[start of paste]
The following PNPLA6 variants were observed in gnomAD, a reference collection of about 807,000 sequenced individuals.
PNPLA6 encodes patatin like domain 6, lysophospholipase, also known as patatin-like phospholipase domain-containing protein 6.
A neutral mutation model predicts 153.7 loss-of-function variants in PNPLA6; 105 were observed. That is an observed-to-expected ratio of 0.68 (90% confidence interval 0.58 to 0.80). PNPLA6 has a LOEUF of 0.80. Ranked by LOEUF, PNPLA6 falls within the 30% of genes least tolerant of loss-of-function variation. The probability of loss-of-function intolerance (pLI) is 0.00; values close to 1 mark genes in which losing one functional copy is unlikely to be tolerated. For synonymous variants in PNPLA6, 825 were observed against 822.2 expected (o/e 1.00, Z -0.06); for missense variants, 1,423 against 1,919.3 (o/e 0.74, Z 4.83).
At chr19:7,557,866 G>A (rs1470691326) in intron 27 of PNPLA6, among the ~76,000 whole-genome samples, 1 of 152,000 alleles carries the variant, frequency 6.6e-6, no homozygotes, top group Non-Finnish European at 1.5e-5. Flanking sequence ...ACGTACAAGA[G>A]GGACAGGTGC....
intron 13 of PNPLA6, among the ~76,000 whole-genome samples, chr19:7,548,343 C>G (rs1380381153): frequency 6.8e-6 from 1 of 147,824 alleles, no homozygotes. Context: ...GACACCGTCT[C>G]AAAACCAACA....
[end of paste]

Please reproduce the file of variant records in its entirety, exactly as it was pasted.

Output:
The following PNPLA6 variants were observed in gnomAD, a reference collection of about 807,000 sequenced individuals.
PNPLA6 encodes patatin like domain 6, lysophospholipase, also known as patatin-like phospholipase domain-containing protein 6.
A neutral mutation model predicts 153.7 loss-of-function variants in PNPLA6; 105 were observed. That is an observed-to-expected ratio of 0.68 (90% confidence interval 0.58 to 0.80). PNPLA6 has a LOEUF of 0.80. Ranked by LOEUF, PNPLA6 falls within the 30% of genes least tolerant of loss-of-function variation. The probability of loss-of-function intolerance (pLI) is 0.00; values close to 1 mark genes in which losing one functional copy is unlikely to be tolerated. For synonymous variants in PNPLA6, 825 were observed against 822.2 expected (o/e 1.00, Z -0.06); for missense variants, 1,423 against 1,919.3 (o/e 0.74, Z 4.83).
At chr19:7,557,866 G>A (rs1470691326) in intron 27 of PNPLA6, among the ~76,000 whole-genome samples, 1 of 152,000 alleles carries the variant, frequency 6.6e-6, no homozygotes, top group Non-Finnish European at 1.5e-5. Flanking sequence ...ACGTACAAGA[G>A]GGACAGGTGC....
intron 13 of PNPLA6, among the ~76,000 whole-genome samples, chr19:7,548,343 C>G (rs1380381153): frequency 6.8e-6 from 1 of 147,824 alleles, no homozygotes. Context: ...GACACCGTCT[C>G]AAAACCAACA....